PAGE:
Today I got a picture my sister took two days ago. Turns out the EnnE closest to her house was selling milk! Shows you what you have to go through to get milk in Venezuela, if you're lucky...

Comments are back...

Quico says: ...sanity isn't.

I've been trying to think of stuff to post recently (no, really, I have) but drawing a string of blanks. The country's too far gone.

Sitting down to blog about Venezuela these days reminds me of going to visit my grandmother during the last years of her life. She had Alzheimer's, poor thing.

If you've ever seen someone battle Alzheimer's you know how gradual and drawn out the descent can be. At first it was just a vague feeling that something wasn't quite right with grandma. Then, as the disease became clearer and deeper, an increasing desperation to communicate, coupled with a growing awareness of the difficulties involved. And then, at some point - years after it had all started, but still years before she finally passed away - that hideous certainty that the line between us had been cut, that she would never again recognize me, that the possibility of communion between us had gone for good. She was still alive but, for me, the process of mourning had already begun.

That's more or less how I see Venezuela's democratic public sphere these days. It's still "going," in some sense, but has reached such an advanced level of dementia that you can no longer interact with it in any meaningful sense. Like my grandmother, it becomes less coherent and more repetitive each and every day. Words that may once, long ago, have made sense are repeated mindlessly, devoid of any context, appearing more and more like symptoms of pathology and less and less like meaningful utterances. Fears that may, arguably, have once been rooted in reality get decontextualized, blown out of all proportion and repeated endlessly.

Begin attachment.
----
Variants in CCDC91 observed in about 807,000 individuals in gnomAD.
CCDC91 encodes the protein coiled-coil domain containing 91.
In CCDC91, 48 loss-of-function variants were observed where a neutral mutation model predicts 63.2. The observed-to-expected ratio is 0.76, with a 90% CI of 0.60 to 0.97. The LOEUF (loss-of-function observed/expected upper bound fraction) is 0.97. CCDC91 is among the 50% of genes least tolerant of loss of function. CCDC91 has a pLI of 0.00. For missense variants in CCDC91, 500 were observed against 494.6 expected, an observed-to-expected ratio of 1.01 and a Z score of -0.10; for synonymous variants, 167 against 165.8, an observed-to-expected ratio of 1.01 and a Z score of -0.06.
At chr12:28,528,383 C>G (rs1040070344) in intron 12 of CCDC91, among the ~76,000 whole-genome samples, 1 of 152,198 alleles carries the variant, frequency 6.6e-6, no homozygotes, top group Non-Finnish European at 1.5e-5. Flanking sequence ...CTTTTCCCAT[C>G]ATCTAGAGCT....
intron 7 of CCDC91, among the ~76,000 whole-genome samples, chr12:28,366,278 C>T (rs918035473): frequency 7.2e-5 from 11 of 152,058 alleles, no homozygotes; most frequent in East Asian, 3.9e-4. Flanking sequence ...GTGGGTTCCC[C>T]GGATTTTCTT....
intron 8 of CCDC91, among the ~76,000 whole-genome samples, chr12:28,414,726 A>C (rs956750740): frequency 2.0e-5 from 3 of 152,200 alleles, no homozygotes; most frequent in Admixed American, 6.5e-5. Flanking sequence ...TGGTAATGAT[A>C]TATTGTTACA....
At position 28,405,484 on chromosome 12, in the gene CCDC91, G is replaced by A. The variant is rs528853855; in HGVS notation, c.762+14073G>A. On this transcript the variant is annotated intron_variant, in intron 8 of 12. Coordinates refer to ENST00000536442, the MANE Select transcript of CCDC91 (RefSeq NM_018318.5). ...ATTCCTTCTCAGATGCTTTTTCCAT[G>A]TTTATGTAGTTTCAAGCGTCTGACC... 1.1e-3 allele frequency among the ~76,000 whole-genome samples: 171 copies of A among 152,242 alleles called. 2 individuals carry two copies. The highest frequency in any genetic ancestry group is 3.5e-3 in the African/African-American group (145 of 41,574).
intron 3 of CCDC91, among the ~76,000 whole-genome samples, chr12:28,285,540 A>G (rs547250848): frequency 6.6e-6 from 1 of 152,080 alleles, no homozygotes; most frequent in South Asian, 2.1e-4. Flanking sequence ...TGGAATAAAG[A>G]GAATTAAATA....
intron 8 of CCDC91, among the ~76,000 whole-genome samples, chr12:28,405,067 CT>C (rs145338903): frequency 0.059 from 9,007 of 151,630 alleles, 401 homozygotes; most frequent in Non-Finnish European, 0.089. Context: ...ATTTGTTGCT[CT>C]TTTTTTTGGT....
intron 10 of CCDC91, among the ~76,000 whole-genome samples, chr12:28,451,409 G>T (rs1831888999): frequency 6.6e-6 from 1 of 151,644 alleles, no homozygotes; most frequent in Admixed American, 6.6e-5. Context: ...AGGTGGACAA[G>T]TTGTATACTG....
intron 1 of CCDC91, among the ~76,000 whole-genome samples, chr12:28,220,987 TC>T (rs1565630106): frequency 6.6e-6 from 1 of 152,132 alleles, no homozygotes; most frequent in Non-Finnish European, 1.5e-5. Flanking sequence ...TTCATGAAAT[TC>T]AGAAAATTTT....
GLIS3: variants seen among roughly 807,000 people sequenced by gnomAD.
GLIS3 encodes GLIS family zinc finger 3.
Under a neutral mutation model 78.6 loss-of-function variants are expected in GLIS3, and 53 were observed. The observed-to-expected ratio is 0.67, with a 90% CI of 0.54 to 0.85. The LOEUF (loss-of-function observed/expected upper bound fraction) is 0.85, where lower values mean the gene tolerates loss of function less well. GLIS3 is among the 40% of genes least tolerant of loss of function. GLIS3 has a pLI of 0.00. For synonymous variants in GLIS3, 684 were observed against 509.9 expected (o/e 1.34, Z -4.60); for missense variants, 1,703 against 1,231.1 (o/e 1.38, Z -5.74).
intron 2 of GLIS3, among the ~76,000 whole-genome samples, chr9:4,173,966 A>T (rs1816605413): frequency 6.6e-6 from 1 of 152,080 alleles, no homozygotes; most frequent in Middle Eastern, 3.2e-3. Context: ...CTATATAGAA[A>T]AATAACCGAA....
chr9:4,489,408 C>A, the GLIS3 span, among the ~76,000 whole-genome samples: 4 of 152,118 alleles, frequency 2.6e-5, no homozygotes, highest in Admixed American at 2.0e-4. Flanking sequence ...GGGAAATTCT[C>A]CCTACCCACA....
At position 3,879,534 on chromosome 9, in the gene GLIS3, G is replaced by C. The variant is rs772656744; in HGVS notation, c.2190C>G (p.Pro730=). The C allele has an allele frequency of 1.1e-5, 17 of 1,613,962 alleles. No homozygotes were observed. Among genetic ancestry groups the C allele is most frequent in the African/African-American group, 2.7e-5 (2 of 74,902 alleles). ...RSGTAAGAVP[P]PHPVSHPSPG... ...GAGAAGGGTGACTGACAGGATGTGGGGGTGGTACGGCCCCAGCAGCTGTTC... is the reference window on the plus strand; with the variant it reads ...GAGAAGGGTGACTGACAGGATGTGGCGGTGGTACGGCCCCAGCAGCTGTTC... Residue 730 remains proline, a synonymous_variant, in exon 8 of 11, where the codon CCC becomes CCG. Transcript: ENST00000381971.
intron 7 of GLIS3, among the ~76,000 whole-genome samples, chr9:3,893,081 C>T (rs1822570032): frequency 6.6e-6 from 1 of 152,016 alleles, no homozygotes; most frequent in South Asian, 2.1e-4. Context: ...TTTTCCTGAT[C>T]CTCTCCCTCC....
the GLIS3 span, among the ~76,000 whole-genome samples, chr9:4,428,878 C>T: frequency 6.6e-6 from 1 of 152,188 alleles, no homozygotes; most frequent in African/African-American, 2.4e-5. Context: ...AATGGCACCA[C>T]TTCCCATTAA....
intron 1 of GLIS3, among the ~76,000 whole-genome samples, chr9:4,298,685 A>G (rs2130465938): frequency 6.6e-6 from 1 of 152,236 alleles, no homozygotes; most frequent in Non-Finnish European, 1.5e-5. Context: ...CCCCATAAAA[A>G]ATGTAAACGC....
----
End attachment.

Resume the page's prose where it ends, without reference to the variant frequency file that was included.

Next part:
The process has been slow, cruelly gradual, and it could go on for many years to come. By now, the most we can hope for is a crude imitation of democratic deliberation. And we know it can go on like this, getting a very little bit worse day after day after day until, eventually, there's nothing left to get worse and the patient passes away physically, as well as mentally.

And that, I fear, is what's really original about the Venezuelan Path to Totalitarianism. If the German and Russian and Cuban roads were like massive strokes, ending all free political debate in one violent convulsion, our path is degenerative, gradual, and all the more cruel for it.

The cruelest moment - or, given the nature of the disease, the cruellest string of identical moments - in an Alzheimer's patient's progression is when he reaches a panicked insight into the nature of his own condition. When the terrifying clarity of what is happening strikes him, along with the awareness that there's simply nothing he can do to stop or even slow it. For those who have witnessed it from the outside, it's a moment of indescribable pathos.

As I see it, that's more or less where Venezuela is now. In any case, it's certainly where I am.

November 14, 2007

Just a matter of opinion

Katy says: Yesterday, crackpot Chavista lawmaker Iris Varela threatened to take over private TV station Globovisión. Her complaint is that the station is "conspiring" against the revolution, more or less. No specifics were given.

I've come down hard on Globovisión before. I believe, as I have for a while, that Globovisión's pro-opposition editorial line is damaging to our side because it borders on media manipulation and it does nothing to convince swing voters.

However, Ms. Varela's complaint this time around rings demential, to put it lightly. While Globovisión's coverage is surely biased, the channel is continually used by pro-Chavez figures to broadcast their points of view, something that cannot be said of state TV station VTV.

One of the interesting things I receive in my inbox every day is a summary of all the morning's opinion programs. It lists the guests and what they talked about, and it gives you a glimpse of the type of "balance" Ms. Varela has in mind when calling for "the people" (i.e. chavistas) to take over a private TV station so that it stops conspiring (i.e. airing different points of view).